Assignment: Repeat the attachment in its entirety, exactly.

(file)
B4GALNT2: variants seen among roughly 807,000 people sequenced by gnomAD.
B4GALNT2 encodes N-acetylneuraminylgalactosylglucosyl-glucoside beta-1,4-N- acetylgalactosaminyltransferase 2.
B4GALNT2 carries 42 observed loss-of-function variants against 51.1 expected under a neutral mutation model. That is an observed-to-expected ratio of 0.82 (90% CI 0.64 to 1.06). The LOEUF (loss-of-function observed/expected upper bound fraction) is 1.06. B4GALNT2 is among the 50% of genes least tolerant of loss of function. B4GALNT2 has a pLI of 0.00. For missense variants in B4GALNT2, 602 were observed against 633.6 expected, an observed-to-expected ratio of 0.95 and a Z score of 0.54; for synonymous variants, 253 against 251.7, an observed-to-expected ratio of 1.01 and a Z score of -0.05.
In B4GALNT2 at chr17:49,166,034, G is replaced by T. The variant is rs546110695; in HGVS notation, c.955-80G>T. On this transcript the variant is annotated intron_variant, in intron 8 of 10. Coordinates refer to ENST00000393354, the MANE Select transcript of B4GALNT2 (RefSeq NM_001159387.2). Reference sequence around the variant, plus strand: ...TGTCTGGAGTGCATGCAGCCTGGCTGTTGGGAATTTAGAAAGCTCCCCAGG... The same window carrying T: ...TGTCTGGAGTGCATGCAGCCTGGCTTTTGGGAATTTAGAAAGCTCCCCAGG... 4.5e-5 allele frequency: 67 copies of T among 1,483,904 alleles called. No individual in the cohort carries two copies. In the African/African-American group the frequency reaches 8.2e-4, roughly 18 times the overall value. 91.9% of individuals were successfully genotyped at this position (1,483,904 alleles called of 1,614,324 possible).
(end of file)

B4GALNT2: variants seen among roughly 807,000 people sequenced by gnomAD.
B4GALNT2 encodes N-acetylneuraminylgalactosylglucosyl-glucoside beta-1,4-N- acetylgalactosaminyltransferase 2.
B4GALNT2 carries 42 observed loss-of-function variants against 51.1 expected under a neutral mutation model. That is an observed-to-expected ratio of 0.82 (90% CI 0.64 to 1.06). The LOEUF (loss-of-function observed/expected upper bound fraction) is 1.06. B4GALNT2 is among the 50% of genes least tolerant of loss of function. B4GALNT2 has a pLI of 0.00. For missense variants in B4GALNT2, 602 were observed against 633.6 expected, an observed-to-expected ratio of 0.95 and a Z score of 0.54; for synonymous variants, 253 against 251.7, an observed-to-expected ratio of 1.01 and a Z score of -0.05.
In B4GALNT2 at chr17:49,166,034, G is replaced by T. The variant is rs546110695; in HGVS notation, c.955-80G>T. On this transcript the variant is annotated intron_variant, in intron 8 of 10. Coordinates refer to ENST00000393354, the MANE Select transcript of B4GALNT2 (RefSeq NM_001159387.2). Reference sequence around the variant, plus strand: ...TGTCTGGAGTGCATGCAGCCTGGCTGTTGGGAATTTAGAAAGCTCCCCAGG... The same window carrying T: ...TGTCTGGAGTGCATGCAGCCTGGCTTTTGGGAATTTAGAAAGCTCCCCAGG... 4.5e-5 allele frequency: 67 copies of T among 1,483,904 alleles called. No individual in the cohort carries two copies. In the African/African-American group the frequency reaches 8.2e-4, roughly 18 times the overall value. 91.9% of individuals were successfully genotyped at this position (1,483,904 alleles called of 1,614,324 possible).